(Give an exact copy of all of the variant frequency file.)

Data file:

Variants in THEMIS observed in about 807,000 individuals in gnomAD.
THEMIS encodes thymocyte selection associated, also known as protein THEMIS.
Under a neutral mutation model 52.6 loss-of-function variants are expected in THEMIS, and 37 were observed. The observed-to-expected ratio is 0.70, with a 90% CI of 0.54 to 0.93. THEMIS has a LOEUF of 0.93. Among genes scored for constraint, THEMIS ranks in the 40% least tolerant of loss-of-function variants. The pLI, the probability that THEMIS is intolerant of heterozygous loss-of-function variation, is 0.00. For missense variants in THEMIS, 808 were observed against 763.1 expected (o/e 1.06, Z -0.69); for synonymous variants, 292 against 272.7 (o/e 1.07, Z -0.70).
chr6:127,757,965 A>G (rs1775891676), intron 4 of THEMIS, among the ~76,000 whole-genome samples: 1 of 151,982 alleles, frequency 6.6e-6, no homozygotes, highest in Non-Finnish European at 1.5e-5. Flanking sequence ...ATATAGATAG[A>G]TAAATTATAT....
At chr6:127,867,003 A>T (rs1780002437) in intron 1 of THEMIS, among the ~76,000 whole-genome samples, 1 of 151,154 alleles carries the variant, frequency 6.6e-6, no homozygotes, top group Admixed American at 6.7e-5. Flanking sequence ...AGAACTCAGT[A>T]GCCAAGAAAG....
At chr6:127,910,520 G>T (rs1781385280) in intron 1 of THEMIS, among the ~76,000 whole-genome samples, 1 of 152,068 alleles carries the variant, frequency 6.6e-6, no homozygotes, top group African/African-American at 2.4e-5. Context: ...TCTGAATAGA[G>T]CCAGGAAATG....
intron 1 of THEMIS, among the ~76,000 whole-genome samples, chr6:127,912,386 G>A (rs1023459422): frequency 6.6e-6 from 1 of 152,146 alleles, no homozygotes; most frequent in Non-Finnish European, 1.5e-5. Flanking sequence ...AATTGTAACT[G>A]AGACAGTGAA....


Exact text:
Variants in THEMIS observed in about 807,000 individuals in gnomAD.
THEMIS encodes thymocyte selection associated, also known as protein THEMIS.
Under a neutral mutation model 52.6 loss-of-function variants are expected in THEMIS, and 37 were observed. The observed-to-expected ratio is 0.70, with a 90% CI of 0.54 to 0.93. THEMIS has a LOEUF of 0.93. Among genes scored for constraint, THEMIS ranks in the 40% least tolerant of loss-of-function variants. The pLI, the probability that THEMIS is intolerant of heterozygous loss-of-function variation, is 0.00. For missense variants in THEMIS, 808 were observed against 763.1 expected (o/e 1.06, Z -0.69); for synonymous variants, 292 against 272.7 (o/e 1.07, Z -0.70).
chr6:127,757,965 A>G (rs1775891676), intron 4 of THEMIS, among the ~76,000 whole-genome samples: 1 of 151,982 alleles, frequency 6.6e-6, no homozygotes, highest in Non-Finnish European at 1.5e-5. Flanking sequence ...ATATAGATAG[A>G]TAAATTATAT....
At chr6:127,867,003 A>T (rs1780002437) in intron 1 of THEMIS, among the ~76,000 whole-genome samples, 1 of 151,154 alleles carries the variant, frequency 6.6e-6, no homozygotes, top group Admixed American at 6.7e-5. Flanking sequence ...AGAACTCAGT[A>T]GCCAAGAAAG....
At chr6:127,910,520 G>T (rs1781385280) in intron 1 of THEMIS, among the ~76,000 whole-genome samples, 1 of 152,068 alleles carries the variant, frequency 6.6e-6, no homozygotes, top group African/African-American at 2.4e-5. Context: ...TCTGAATAGA[G>T]CCAGGAAATG....
intron 1 of THEMIS, among the ~76,000 whole-genome samples, chr6:127,912,386 G>A (rs1023459422): frequency 6.6e-6 from 1 of 152,146 alleles, no homozygotes; most frequent in Non-Finnish European, 1.5e-5. Flanking sequence ...AATTGTAACT[G>A]AGACAGTGAA....